Ayub Ali, a farmer from Bhimpur village in Naogaon sadar upazila, said that the government should do something to save the farmer. "If the farmer does not survive, the country will not survive," he said.
More than 100 small and medium industrial factories have been established in Bogura Bangladesh Small and Cottage Industries Corporation (BSCIC) area.
AKM Mahfuzur Rahman, deputy general manager of this organisation, said, "BSCIC runs large electric motors. In the absence of electricity, a huge amount of diesel is required to run these motors through generators. Many factories have been temporarily closed, reducing the production of Bogura BSCIC by at least 20%."
The prices of different varieties of paddy and rice increased by about Tk100 per maund and about Tk100-Tk150 per maund respectively in Ashuganj of Brahmanbaria, the largest paddy market in the eastern region of the country, in a week due to the unusual fuel price hike.
In addition to small and large industrial factories, local businesses have been directly affected by the prices of daily necessities. The kitchen market and even the medical service sector have been hit hard.
Obaidur Rahman Abhi, the president of Savar City Centre Shop Owners' Association and Traders Welfare Association, told The Business Standard, "First there is regular power outages, then the market has to be closed by 8 pm. If you add the additional fuel cost, then I don't have to say anything. It is pretty clear how we are doing."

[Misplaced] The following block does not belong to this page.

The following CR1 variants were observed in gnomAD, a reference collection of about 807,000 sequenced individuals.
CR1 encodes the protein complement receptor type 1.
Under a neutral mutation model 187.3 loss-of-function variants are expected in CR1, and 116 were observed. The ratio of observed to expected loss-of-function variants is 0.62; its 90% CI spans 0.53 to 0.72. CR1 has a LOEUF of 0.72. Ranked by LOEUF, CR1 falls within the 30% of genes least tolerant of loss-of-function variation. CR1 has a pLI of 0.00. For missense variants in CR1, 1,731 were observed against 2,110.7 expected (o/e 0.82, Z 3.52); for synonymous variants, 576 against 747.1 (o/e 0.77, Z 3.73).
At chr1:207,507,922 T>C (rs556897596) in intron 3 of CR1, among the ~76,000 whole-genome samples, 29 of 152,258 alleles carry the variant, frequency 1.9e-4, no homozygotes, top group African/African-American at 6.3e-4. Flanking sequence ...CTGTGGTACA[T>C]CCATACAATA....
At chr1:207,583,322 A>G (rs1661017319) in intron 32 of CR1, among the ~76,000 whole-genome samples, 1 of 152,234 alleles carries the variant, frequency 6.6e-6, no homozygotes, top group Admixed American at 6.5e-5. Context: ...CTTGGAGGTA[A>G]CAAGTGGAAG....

The recurrent load shedding has affected various local private hospitals, diagnostic centres and health care centres.
Aminur Rahman, president of Savar Private Hospital Owners' Association and owner of Prime Hospital, told TBS, "On average, we are experiencing load shedding for 3-4 hours every day. It is consuming at least 200 litres of diesel per day in my establishment alone to run the generator, and the situation is the same for everyone else. Our daily cost is skyrocketing, and we may have no choice but to increase the service charges."
According to the farmers of Dinajpur, around 2.5-3 litres of fuel oil is required for one salo machine to irrigate one bigha (48 decimals) of land. After the price hike, farmers have to pay Tk102 more than before for irrigation.
On the one hand, the cost of cultivation has increased and on the other, the cost of producing rice from paddy has also increased, they said.
Zarina Begum of Dakshin Balua Danga area, who came to buy rice at Bahadur Bazar of Dinajpur city, said, "Poor people like me are in the most trouble. The price of rice is jumping every day. A sack of rice that cost Tk3,200 a few days ago now costs Tk3,400. I used to buy one sack at a time, but now I will buy half a sack."
[Our district correspondents contributed to this story]